Can you tell us a bit more about the power sizing in clothing can have over women and what they can do to overcome it?

Each time I went through treatment, I would learn new skills or bits of information that would improve some of my behaviors and way of thinking. I would usually leave with a feeling of confidence and that I had worked hard to make important changes in my lifestyle. Yet I would find myself in the same place: back at home, day one of no longer having the security of an inpatient treatment team, trying to get ready for class. I was alone in my room staring at a closet full of clothes that no longer fit my body or recovered lifestyle. It was a terrible feeling.

For a long time I used clothes to fuel my eating disorder. It isn’t uncommon to use clothing sizes as benchmarks. I kept and used my old clothes as a means of body checking, or seeing if weight had been gained or not. After several cycles through the treatment loop, I had been convinced to throw away my scale. My eating disorder didn’t need a scale anymore because I had my ‘sick clothes’. I remember one dress in particular that would reveal my current weight based on how it fit. I didn’t have the financial stability or even the courage to box everything up and start over.

Clothing and fashion are personal and powerful ways to express yourself. It is exciting and the easiest way to express your individuality. I was missing the thing I used to love about getting dressed each day. I wanted to be able to pick my outfit based on my mood or whatever side of my personality was stronger that morning, but I was stuck with a wardrobe that had so many negative associations attached to it that I couldn’t feel confident about anything that I had to choose from.

What’s next for The Garment Project?

We are focused on bettering our service and expanding our reach. This year, we are going to be working hard to spread our message and let people know that we’re a resource for people who have done amazing work for themselves and are learning how to lead a healthier life. Of course, Garment is always learning and growing too. It’s a priority for us to be able to expand our service to men and hopefully we’ll make significant progress on that this year as well.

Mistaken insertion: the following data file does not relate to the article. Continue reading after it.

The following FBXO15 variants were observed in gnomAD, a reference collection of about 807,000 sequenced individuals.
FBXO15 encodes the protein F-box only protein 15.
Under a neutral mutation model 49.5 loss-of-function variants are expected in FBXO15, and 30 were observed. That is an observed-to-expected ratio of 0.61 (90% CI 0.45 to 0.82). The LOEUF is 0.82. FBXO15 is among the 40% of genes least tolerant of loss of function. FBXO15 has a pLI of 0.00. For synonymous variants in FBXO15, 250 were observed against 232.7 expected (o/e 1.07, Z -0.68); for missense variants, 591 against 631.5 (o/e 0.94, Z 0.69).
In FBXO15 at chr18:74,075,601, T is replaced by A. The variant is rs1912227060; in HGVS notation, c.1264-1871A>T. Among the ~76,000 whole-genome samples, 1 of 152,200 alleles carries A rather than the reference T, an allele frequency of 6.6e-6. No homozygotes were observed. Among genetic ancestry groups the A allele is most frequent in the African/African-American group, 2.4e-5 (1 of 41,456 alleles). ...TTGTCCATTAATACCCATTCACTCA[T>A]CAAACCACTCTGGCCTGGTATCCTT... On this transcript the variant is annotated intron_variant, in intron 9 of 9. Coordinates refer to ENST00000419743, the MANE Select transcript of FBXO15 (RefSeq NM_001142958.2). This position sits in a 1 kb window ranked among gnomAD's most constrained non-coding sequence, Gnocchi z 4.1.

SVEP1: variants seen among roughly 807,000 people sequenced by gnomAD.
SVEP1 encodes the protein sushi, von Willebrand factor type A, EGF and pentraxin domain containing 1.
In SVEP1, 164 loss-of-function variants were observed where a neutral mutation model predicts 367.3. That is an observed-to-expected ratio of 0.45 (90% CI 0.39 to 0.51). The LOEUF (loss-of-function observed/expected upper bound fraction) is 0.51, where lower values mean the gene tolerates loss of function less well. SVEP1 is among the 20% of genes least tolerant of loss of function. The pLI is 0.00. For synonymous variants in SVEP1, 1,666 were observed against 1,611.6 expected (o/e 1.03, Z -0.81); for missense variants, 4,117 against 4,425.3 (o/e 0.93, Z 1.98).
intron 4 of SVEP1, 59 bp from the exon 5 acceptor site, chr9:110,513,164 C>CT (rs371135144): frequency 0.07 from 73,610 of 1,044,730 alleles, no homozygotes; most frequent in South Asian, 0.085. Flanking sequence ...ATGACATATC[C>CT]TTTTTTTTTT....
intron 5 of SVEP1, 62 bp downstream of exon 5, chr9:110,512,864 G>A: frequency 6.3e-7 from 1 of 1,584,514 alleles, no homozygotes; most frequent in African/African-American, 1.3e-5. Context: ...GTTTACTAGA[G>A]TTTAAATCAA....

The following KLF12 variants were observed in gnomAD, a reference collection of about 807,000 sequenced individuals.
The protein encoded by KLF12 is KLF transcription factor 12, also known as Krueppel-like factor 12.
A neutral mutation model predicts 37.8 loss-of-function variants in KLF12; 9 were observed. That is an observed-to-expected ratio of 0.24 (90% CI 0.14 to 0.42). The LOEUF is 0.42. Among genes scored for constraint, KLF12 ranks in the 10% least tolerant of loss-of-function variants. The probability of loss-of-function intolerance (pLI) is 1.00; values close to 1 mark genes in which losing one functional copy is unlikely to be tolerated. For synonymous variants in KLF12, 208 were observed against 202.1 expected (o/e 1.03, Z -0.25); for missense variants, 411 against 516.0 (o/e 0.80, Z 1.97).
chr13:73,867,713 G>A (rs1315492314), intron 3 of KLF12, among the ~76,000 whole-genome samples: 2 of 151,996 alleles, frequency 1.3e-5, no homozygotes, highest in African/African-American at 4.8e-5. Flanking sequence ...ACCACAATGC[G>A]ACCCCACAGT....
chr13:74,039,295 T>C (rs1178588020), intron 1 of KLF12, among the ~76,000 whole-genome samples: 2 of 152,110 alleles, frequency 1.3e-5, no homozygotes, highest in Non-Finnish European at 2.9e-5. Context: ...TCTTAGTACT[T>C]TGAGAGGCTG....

What makes you #AerieREAL?

It took a few years of practice and slips, but I have a completely new relationship with food, my body, and myself. My eating disordered thoughts once consumed my life, paralyzing me from living a life I was proud of. I am three years into recovery and I still feel pride and excitement when I catch myself in control. I eat when I’m hungry and until I am full, and I always order exactly what I want. When I look at a photo of myself, I no longer examine every dimple or imperfection. I am able to see the happiness on my face because that’s what is most important to me now. I learned how to be more patient with people I care about, and forgive others when they might not have met my expectations. The food finally came second to the relationships, which was one of the most important steps in accepting my recovery.

Living this recovered life had not only led me to accept my body and soul, but truly love and embrace what I have to offer. I’m proud of my recovery and the messy, motivating experiences I went through. It is important to us that we be champions of recovery and show those that are struggling how beautiful recovered life can be.

 

Want to learn more about The Garment Project? Check out their website here.

 

 

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Real Talk with Hannah Skvarla from The Little Market